NB Communication

How to protect your passwords

February 24, 2020

It wasn’t so long ago that the only passwords you needed in life were the PIN code for your bank card and the one for your lone email account.

Today, however, we carry out so many online transactions that we need passwords for almost everything, from shopping websites and entertainment apps to utility accounts and social media. For many businesses, most work is now carried out online too, from emails and accountancy to project management and file sharing.

If only we could have one password for all these accounts then life would be simple. Sadly, with sophisticated hacking and identity theft scams commonplace, it’s wise to have different passwords for different sites. The tricky thing is, unless you’ve got a photographic memory it’s impossible to remember more than one or two, and that’s where password management apps come in really handy.

A password management app can store all your log-ins and passwords for all the different online accounts and apps you use. Your passwords are then encrypted within the password management app and to access them you just need one master password – the only password you have to remember.

At NB, we use LastPass to manage log-in credentials for a wide range of our online services and we recommend it for its power and security. We did find that it took a little time to become familiar with some aspects of the user interface, but we have no significant problems now that we are experienced with this system.

There are a number of different password management options available and at various price points. Here are a few to consider…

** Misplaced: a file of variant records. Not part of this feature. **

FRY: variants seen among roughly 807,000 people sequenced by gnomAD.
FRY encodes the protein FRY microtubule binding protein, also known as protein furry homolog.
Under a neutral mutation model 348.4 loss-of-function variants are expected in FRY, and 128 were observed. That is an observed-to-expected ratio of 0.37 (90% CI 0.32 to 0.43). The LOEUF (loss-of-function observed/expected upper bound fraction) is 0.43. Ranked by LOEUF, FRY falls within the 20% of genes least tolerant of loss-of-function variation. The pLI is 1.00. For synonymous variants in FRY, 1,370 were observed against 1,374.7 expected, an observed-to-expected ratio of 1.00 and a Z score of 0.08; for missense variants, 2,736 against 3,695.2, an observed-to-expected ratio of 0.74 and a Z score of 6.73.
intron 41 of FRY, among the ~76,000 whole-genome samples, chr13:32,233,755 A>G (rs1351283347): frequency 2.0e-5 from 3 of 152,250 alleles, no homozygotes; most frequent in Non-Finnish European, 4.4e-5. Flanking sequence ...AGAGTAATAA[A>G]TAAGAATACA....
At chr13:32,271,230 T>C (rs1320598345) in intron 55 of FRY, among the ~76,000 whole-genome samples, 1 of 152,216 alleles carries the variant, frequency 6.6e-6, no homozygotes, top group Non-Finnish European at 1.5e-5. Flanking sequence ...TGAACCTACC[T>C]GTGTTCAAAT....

LastPass

LastPass can be installed as a browser extension on your desktop or as an app on an individual device. What we like about it is the level of security it offers. It stores passwords on LastPass’s servers in encrypted form, this information is then only decrypted on your desktop or device when you log-in. This means that LastPass has no access to your passwords at any time. LastPass also offers two-factor authentication, so no one else can log-in to your passwords remotely. It is supported on Microsoft Edge, Chrome, Internet Explorer, Firefox, and Safari. Discover more about Lastpass.

1Password

Similar to LastPass, 1Password uses encryption and two-factor authentication to protect multiple passwords, which you can access using a master password. Unlike LastPass your data isn’t stored remotely in the cloud, it’s stored locally and only copies it to the cloud for syncing across multiple devices. One of the key bonuses of 1Password is its Watchtower feature, where it keeps an eye on websites that have been hacked and it will let you know if you need to change your password if you have an account on them. Discover more about 1Password.

Dashlane

Dashlane is very similar to LastPass, with excellent desktop software and supported on Chrome, Firefox, Internet Explorer, Safari and Microsoft Edge. A key advantage is the bulk password changer, which can reset lots of your passwords at once across multiple devices in the event of a data security breach. It also has a scanner that goes through your email inbox on iOS or Android to find online accounts you might have forgotten about. The one downside to Dashlane is the cost; it starts to get pricey if you plan to store unlimited passwords across multiple devices. Discover more about Dashlane.

Do you use a password management app for your business? If so, what do you recommend? Share this post on Facebook or Twitter and let us know your thoughts.

February 24, 2020

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